Creating demand for safe male circumcision in rural communities in Uganda


Health Service Workers help set up a tent clinic at one of STAR-EC's 'circumcision camps'
 



“Doctor, Doctor! Thank you very much for treating us,” a smiling Roger Masambala exclaims, greeting the health worker who has made his way out to Roger’s fishing village in on Lolwe Island, Namayingo District, Uganda. Six months earlier, Roger, a 27-year-old fisherman, became one of the thousands of men in the region to receive safe medical circumcision provided by the Safe Male Circumcision (SMC) initiative set forth by the JSI-implemented Strengthening TB and HIV&AIDS Responses in East Central Uganda (STAR-EC) project, funded by USAID. “I was circumcised in March 2011, when you people came to Golofo,” he explains, referring to the SMC procedure he received at one of the mobile ‘circumcision camps’(temporary surgical clinics)created by STAR-EC to serve rural, East Central Ugandan districts.


Patients receive safe circumcision at a STAR-EC Safe Male Circumcision ‘camp in Golofo, Uganda
 
The camps were part of a comprehensive strategy designed by JSI to promote awareness of and access to SMC, a procedure known to decrease the risk of HIV and other STI transmissions. Partnering with the Ministry of Health, the Rakai Health Services Project (RHSP), and the Makarere University Walter Reid Project (MUWRP), JSI carried out a detailed assessment of the needs of the regional population and the readiness of existing medical clinics to facilitate an increased number of SMC procedures. Prior to the intervention, under-resourced clinics placed SMCs as a relatively low priority, channeling their efforts into other, more immediate health needs.

Based on their analysis, STAR-EC rolled out SMC activities, starting with the dissemination of 36,000 informational SMC leaflets, ninety-six flip charts, and 320 health workers booklets, all provided by the Health Communications Partnership (HCP) project, to create demand for the service and educate the local population on the benefits of SMC. JSI also reached out to district leaders, Ministry of Health Officials,CSO and religious leaders to increase awareness of SMC services as a HIV prevention strategy. STAR-EC trained 90 Ugandan health workers to provide SMC services and procured the necessary equipment and supplies for those clinics which were deemed unready to accommodate the increased demand for SMC procedures. STAR-EC instituted weekly SMC clinic days at fifteen health facilities and lent support to 130 SMC-related outreaches and three SMC ‘camps’, including the one in Golofo, where Roger was treated.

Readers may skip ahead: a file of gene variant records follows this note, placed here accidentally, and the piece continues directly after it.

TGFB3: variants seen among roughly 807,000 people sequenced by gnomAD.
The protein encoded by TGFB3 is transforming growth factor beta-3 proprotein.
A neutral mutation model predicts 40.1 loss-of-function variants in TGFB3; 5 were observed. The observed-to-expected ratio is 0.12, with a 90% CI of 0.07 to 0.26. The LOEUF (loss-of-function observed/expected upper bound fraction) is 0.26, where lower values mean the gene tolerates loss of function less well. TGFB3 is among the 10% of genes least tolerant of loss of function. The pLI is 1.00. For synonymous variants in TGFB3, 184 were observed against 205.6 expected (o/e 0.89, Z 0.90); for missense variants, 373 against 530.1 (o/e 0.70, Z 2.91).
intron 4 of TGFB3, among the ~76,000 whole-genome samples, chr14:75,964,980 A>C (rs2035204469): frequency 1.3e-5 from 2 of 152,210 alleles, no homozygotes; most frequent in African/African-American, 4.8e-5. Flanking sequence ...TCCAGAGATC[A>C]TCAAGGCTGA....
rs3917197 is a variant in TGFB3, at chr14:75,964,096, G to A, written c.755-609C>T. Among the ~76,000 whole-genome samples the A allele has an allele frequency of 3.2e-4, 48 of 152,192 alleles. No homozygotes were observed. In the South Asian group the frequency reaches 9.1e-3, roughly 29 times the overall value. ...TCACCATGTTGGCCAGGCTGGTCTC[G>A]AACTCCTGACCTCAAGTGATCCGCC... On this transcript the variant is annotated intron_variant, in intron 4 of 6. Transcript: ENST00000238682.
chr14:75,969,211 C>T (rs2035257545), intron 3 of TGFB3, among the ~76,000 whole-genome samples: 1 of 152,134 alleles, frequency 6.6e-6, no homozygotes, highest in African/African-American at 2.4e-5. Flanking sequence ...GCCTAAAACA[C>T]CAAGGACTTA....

In all, 14,347 men and boys received SMCs during STAR-EC’s second and third year of operation, an increase of 13,544 procedures over the previous year, and more than triple the project’s goal of 4,350 SMC procedures. Nearly half of those men and boys were served through outreach efforts or at the SMC camps. The static clinic days and circumcision camps provided the additional benefit of offering HIV tests to men receiving SMCs, thus increasing the number of people in the region receiving HIV Testing and Counseling (HTC) services. Out of all of the recipients of SMC procedures, only 0.8% reported adverse post-surgery symptoms, like pain and infection, and all of the reported symptoms were managed to complete resolution.

Now, there is increased awareness among local families about the benefits of SMCs and an increased demand for the services. By receiving SMCs, patients like Roger experienced improvements in their health and hygiene, awareness of their sero-status, and increased knowledge of how to further protect their health and the health of their families. “[Now] I am smart and clean,” Roger says. “I used to fear whenever I went to my wife, but all that is history now…Honestly, if I were a minister or was in Government, I would make it a law for everyone to circumcise.”